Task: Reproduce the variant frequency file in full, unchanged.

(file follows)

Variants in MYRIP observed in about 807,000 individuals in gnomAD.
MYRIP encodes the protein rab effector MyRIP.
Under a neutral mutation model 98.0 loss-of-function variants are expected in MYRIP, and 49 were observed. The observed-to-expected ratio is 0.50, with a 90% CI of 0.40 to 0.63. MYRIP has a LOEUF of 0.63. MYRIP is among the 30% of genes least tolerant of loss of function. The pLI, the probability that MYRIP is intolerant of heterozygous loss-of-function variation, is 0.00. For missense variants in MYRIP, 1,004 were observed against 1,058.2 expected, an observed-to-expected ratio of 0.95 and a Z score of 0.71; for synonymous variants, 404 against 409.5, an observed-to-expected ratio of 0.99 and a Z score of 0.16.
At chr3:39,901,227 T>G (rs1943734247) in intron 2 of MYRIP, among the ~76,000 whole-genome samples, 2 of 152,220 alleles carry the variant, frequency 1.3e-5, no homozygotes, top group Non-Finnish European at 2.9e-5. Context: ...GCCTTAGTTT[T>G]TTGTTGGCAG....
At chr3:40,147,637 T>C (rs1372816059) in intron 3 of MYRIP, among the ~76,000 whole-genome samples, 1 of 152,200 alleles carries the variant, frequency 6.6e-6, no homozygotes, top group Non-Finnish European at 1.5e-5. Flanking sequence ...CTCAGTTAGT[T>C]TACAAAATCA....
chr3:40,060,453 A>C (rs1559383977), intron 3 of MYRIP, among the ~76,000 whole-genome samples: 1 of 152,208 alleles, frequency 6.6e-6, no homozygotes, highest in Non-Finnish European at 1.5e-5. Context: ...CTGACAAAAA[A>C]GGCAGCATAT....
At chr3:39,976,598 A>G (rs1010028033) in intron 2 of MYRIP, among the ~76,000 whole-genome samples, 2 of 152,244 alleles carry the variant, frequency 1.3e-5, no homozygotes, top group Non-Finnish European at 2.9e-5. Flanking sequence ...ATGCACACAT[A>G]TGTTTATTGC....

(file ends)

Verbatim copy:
Variants in MYRIP observed in about 807,000 individuals in gnomAD.
MYRIP encodes the protein rab effector MyRIP.
Under a neutral mutation model 98.0 loss-of-function variants are expected in MYRIP, and 49 were observed. The observed-to-expected ratio is 0.50, with a 90% CI of 0.40 to 0.63. MYRIP has a LOEUF of 0.63. MYRIP is among the 30% of genes least tolerant of loss of function. The pLI, the probability that MYRIP is intolerant of heterozygous loss-of-function variation, is 0.00. For missense variants in MYRIP, 1,004 were observed against 1,058.2 expected, an observed-to-expected ratio of 0.95 and a Z score of 0.71; for synonymous variants, 404 against 409.5, an observed-to-expected ratio of 0.99 and a Z score of 0.16.
At chr3:39,901,227 T>G (rs1943734247) in intron 2 of MYRIP, among the ~76,000 whole-genome samples, 2 of 152,220 alleles carry the variant, frequency 1.3e-5, no homozygotes, top group Non-Finnish European at 2.9e-5. Context: ...GCCTTAGTTT[T>G]TTGTTGGCAG....
At chr3:40,147,637 T>C (rs1372816059) in intron 3 of MYRIP, among the ~76,000 whole-genome samples, 1 of 152,200 alleles carries the variant, frequency 6.6e-6, no homozygotes, top group Non-Finnish European at 1.5e-5. Flanking sequence ...CTCAGTTAGT[T>C]TACAAAATCA....
chr3:40,060,453 A>C (rs1559383977), intron 3 of MYRIP, among the ~76,000 whole-genome samples: 1 of 152,208 alleles, frequency 6.6e-6, no homozygotes, highest in Non-Finnish European at 1.5e-5. Context: ...CTGACAAAAA[A>C]GGCAGCATAT....
At chr3:39,976,598 A>G (rs1010028033) in intron 2 of MYRIP, among the ~76,000 whole-genome samples, 2 of 152,244 alleles carry the variant, frequency 1.3e-5, no homozygotes, top group Non-Finnish European at 2.9e-5. Flanking sequence ...ATGCACACAT[A>G]TGTTTATTGC....